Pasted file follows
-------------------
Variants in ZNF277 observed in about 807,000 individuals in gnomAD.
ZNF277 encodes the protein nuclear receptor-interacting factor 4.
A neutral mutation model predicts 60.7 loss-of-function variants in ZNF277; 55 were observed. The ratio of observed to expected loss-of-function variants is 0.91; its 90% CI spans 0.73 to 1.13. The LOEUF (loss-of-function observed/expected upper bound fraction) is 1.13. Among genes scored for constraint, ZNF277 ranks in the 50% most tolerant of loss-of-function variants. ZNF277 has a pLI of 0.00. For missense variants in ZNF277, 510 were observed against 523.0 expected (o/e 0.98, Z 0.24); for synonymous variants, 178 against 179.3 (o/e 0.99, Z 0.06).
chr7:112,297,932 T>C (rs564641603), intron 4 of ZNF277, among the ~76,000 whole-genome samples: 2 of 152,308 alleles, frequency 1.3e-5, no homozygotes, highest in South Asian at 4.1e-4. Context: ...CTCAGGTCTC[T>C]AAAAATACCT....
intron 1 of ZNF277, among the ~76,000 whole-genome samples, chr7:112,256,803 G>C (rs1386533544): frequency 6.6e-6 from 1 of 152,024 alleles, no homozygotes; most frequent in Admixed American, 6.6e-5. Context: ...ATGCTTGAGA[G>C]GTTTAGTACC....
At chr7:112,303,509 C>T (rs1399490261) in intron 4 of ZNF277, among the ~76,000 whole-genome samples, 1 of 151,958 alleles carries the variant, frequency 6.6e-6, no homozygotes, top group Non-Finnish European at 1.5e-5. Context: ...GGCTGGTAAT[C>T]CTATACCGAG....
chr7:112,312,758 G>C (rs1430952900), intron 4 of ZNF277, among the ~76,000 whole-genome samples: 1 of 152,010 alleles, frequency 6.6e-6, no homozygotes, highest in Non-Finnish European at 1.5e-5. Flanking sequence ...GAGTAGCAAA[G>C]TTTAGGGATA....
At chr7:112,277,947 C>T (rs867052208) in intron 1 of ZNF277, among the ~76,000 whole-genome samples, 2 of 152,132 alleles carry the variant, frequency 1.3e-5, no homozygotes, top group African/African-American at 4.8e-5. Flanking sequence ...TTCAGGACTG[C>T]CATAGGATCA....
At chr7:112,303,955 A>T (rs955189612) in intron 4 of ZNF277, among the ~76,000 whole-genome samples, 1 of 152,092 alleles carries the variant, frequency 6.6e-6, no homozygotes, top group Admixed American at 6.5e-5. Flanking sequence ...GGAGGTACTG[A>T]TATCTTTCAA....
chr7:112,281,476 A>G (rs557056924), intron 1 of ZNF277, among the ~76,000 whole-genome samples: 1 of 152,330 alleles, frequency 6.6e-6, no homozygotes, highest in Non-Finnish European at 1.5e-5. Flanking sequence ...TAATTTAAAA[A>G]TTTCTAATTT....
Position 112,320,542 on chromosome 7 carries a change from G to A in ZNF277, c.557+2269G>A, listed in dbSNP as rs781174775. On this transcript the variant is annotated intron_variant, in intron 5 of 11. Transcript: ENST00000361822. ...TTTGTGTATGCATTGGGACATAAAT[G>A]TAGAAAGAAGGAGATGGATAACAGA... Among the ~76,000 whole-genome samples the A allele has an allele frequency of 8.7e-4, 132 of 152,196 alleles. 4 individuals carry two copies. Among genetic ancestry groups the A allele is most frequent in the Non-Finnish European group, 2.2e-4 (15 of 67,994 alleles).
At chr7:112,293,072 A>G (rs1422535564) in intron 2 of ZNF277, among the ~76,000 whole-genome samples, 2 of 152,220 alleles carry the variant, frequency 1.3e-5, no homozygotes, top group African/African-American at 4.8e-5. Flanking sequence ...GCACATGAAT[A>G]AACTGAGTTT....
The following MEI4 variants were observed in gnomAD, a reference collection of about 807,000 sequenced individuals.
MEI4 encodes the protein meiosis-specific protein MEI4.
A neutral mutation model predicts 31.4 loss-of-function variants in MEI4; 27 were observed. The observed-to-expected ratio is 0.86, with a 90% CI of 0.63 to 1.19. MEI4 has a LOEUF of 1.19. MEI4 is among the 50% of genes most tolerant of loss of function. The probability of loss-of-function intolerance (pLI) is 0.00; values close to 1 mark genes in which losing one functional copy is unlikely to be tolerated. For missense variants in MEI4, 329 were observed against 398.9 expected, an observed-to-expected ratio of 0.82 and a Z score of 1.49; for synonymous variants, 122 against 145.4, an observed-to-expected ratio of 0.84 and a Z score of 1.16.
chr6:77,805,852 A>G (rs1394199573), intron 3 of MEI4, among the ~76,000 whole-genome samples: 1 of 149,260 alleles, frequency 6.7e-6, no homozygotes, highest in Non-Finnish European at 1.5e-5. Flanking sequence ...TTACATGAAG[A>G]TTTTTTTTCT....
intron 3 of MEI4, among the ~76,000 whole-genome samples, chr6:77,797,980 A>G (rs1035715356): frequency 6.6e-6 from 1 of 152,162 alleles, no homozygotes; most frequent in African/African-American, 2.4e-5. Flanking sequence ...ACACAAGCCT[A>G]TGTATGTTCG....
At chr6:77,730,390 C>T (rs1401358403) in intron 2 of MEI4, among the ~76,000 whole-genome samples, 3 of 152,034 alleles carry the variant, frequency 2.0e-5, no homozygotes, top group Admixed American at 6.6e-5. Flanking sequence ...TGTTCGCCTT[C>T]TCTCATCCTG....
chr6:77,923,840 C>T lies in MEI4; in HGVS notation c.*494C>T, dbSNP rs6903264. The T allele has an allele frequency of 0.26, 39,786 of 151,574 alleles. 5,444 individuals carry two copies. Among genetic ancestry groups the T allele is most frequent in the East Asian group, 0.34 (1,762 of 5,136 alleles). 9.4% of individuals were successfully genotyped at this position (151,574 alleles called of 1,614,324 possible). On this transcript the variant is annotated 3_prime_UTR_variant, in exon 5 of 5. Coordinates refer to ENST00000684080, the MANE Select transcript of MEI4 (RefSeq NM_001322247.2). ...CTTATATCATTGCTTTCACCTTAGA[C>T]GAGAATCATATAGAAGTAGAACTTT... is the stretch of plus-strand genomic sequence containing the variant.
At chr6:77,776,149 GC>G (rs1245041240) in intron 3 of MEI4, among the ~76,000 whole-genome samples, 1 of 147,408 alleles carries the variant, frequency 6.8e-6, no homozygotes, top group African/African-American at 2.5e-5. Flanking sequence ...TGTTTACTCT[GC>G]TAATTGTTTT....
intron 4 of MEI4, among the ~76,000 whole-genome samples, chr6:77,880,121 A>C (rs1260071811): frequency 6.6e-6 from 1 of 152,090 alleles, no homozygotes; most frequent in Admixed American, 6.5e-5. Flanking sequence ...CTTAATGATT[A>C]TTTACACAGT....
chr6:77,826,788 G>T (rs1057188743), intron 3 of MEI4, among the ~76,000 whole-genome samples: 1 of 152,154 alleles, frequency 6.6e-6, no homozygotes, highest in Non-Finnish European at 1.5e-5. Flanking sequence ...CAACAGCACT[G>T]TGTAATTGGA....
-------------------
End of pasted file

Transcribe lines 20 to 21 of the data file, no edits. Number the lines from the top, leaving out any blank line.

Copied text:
At chr6:77,776,149 GC>G (rs1245041240) in intron 3 of MEI4, among the ~76,000 whole-genome samples, 1 of 147,408 alleles carries the variant, frequency 6.8e-6, no homozygotes, top group African/African-American at 2.5e-5. Flanking sequence ...TGTTTACTCT[GC>G]TAATTGTTTT....
intron 4 of MEI4, among the ~76,000 whole-genome samples, chr6:77,880,121 A>C (rs1260071811): frequency 6.6e-6 from 1 of 152,090 alleles, no homozygotes; most frequent in Admixed American, 6.5e-5. Flanking sequence ...CTTAATGATT[A>C]TTTACACAGT....